almer (Kuan Yin; Travels Through Sacred China) has the ability to make readers feel as if they have joined him in an exuberant and breathless Indiana Jones-style adventure, as he weaves his clues and discoveries of the early Christian Church in China. Here he examines the "Jesus Sutras," discovered by a Taoist priest in a cave in northwestern China near the end of the 19th century. Among hundreds of scrolls, books, artwork and artifacts were Christian documents dating from the early seventh to the early 11th century C.E.; the earliest texts seem to have been recorded by Persian missionaries, while those that followed seem more indigenous to Chinese culture. There are sutras of liturgy, as well as odd reinterpretations of the Bible and a form of catechism. These Christian sacred books have been translated into English only twice, both times in the 1930s by translators who knew the language but were unfamiliar with Chinese sacred works such as the Tao Te Ching and the Lotus Sutra. Palmer, with his firm grasp of early Christian history, Buddhism, Taoism, Shamanism, Confucianism and Chinese history and languages, makes a fascinating case for the scrolls' syncretism of classical Western Christian orthodoxy and Taoist beliefs. For example, the texts place a strong emphasis on Jesus' ability to save believers from the wheel of karma. Palmer has written an important and wonderful book that is accessible for a general audience. (Aug.)Forecast: What's next after the phase-out of the Celtic Christianity craze? Given the tremendous interest in Eastern spirituality in America, perhaps the market is ripe for intelligent books like this that marry historic Christianity with the wisdom traditions of the East. Many Judeo-Christian Americans who practice Buddhist or Taoist meditation techniques will be fascinated to know, as Palmer puts it, that "fourteen hundred years ago, the Jesus Sutras had already created a synthesis of Tao, Christ, and Buddha." Promotions in Tricycle and other publications should help move the title, which has a modest initial print run of 15,000.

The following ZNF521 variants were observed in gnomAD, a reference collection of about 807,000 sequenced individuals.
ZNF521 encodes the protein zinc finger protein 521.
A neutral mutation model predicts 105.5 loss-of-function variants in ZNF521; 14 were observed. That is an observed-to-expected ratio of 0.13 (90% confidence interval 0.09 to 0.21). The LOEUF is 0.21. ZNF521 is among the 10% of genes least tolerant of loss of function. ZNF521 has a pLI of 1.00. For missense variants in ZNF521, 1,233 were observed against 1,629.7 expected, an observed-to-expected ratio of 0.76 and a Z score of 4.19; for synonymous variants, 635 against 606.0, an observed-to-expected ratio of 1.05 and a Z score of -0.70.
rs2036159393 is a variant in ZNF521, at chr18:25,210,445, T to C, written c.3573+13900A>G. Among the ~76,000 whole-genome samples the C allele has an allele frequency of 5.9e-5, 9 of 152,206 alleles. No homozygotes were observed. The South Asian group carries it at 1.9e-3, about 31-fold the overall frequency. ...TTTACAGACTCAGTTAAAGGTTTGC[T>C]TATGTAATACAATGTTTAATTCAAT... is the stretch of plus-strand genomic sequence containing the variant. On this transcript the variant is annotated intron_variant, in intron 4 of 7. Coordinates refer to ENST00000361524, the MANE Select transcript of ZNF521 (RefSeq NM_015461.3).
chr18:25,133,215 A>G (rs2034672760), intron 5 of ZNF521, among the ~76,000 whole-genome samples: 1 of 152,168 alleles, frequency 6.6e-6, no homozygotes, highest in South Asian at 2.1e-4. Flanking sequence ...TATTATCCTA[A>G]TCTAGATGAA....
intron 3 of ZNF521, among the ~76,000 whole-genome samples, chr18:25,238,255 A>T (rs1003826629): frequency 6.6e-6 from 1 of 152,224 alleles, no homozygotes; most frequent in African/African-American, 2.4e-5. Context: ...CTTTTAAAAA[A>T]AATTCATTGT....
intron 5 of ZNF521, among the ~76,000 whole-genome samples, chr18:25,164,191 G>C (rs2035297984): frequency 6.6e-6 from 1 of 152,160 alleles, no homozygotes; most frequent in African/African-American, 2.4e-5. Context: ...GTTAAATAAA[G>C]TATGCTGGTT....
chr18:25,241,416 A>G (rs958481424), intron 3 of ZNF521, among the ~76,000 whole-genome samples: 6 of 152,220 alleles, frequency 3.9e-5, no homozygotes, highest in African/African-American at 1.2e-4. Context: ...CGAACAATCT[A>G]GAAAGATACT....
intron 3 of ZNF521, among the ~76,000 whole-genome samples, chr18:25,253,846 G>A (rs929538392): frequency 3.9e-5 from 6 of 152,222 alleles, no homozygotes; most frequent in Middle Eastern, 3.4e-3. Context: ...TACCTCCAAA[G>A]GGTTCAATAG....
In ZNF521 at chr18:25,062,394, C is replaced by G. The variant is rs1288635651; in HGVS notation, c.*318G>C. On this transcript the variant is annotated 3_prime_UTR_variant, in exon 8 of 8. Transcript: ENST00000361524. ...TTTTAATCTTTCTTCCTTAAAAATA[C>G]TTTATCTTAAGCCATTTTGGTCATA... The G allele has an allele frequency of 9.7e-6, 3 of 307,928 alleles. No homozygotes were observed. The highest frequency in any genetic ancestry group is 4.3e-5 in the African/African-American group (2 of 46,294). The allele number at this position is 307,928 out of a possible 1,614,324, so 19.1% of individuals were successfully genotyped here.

Copyright 2001 Cahners Business Information, Inc.

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Product Details

  • Hardcover: 288 pages
  • Publisher: Wellspring/Ballantine; 1 edition (August 14, 2001)
  • Language: English
  • ISBN-10: 0345434242
  • ISBN-13: 978-0345434241
  • Product Dimensions: 5.6 x 1.3 x 8.4 inches
  • Shipping Weight: 1.6 pounds
  • Average Customer Review: 4.1 out of 5 stars  See all reviews (23 customer reviews)
  • Amazon Best Sellers Rank: #194,474 in Books (See Top 100 in Books)

Customer Reviews

Top Customer Reviews

Format: Hardcover